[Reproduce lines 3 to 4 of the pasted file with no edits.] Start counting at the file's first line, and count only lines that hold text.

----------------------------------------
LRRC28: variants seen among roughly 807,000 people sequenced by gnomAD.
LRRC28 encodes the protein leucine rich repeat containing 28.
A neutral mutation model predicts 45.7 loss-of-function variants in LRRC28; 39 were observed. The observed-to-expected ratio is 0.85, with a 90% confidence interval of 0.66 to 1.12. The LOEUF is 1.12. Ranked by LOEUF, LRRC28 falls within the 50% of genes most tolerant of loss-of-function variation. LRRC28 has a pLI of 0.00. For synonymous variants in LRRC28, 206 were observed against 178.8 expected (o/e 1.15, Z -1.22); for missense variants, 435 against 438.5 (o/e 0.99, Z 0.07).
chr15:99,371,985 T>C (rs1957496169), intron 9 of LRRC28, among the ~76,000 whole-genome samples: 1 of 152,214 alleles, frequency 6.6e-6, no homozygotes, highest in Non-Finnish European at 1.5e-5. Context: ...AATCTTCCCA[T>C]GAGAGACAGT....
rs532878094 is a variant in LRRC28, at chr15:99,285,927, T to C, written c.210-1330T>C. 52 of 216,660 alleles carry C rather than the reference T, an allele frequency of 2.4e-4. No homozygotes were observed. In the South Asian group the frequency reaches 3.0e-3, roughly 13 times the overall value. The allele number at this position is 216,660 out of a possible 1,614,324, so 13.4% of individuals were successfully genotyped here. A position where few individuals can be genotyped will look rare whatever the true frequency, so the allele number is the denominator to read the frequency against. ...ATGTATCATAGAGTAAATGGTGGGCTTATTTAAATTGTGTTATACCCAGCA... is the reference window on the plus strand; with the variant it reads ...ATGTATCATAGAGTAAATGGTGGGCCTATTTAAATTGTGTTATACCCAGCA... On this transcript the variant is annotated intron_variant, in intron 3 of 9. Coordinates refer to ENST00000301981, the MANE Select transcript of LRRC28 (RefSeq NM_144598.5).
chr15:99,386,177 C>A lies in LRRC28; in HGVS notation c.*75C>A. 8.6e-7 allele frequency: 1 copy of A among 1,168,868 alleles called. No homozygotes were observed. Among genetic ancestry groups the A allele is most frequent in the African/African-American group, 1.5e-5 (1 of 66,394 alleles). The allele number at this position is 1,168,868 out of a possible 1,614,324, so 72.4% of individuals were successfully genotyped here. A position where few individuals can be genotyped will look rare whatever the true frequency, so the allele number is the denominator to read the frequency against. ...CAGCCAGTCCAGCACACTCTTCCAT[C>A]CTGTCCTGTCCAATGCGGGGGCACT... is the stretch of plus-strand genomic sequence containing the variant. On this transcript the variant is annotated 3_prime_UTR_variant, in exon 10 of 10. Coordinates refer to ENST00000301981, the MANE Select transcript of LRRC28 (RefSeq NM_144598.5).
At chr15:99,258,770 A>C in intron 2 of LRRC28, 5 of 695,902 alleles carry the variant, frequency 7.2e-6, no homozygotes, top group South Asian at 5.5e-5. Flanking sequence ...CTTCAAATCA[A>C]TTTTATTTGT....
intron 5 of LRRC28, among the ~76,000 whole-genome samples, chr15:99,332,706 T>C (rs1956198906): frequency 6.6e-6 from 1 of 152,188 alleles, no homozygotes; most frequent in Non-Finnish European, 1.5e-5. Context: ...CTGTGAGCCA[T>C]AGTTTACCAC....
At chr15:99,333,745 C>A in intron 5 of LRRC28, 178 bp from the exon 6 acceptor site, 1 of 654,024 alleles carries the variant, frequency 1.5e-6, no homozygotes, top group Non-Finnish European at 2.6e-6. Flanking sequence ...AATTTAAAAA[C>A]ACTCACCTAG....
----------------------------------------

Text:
A neutral mutation model predicts 45.7 loss-of-function variants in LRRC28; 39 were observed. The observed-to-expected ratio is 0.85, with a 90% confidence interval of 0.66 to 1.12. The LOEUF is 1.12. Ranked by LOEUF, LRRC28 falls within the 50% of genes most tolerant of loss-of-function variation. LRRC28 has a pLI of 0.00. For synonymous variants in LRRC28, 206 were observed against 178.8 expected (o/e 1.15, Z -1.22); for missense variants, 435 against 438.5 (o/e 0.99, Z 0.07).
chr15:99,371,985 T>C (rs1957496169), intron 9 of LRRC28, among the ~76,000 whole-genome samples: 1 of 152,214 alleles, frequency 6.6e-6, no homozygotes, highest in Non-Finnish European at 1.5e-5. Context: ...AATCTTCCCA[T>C]GAGAGACAGT....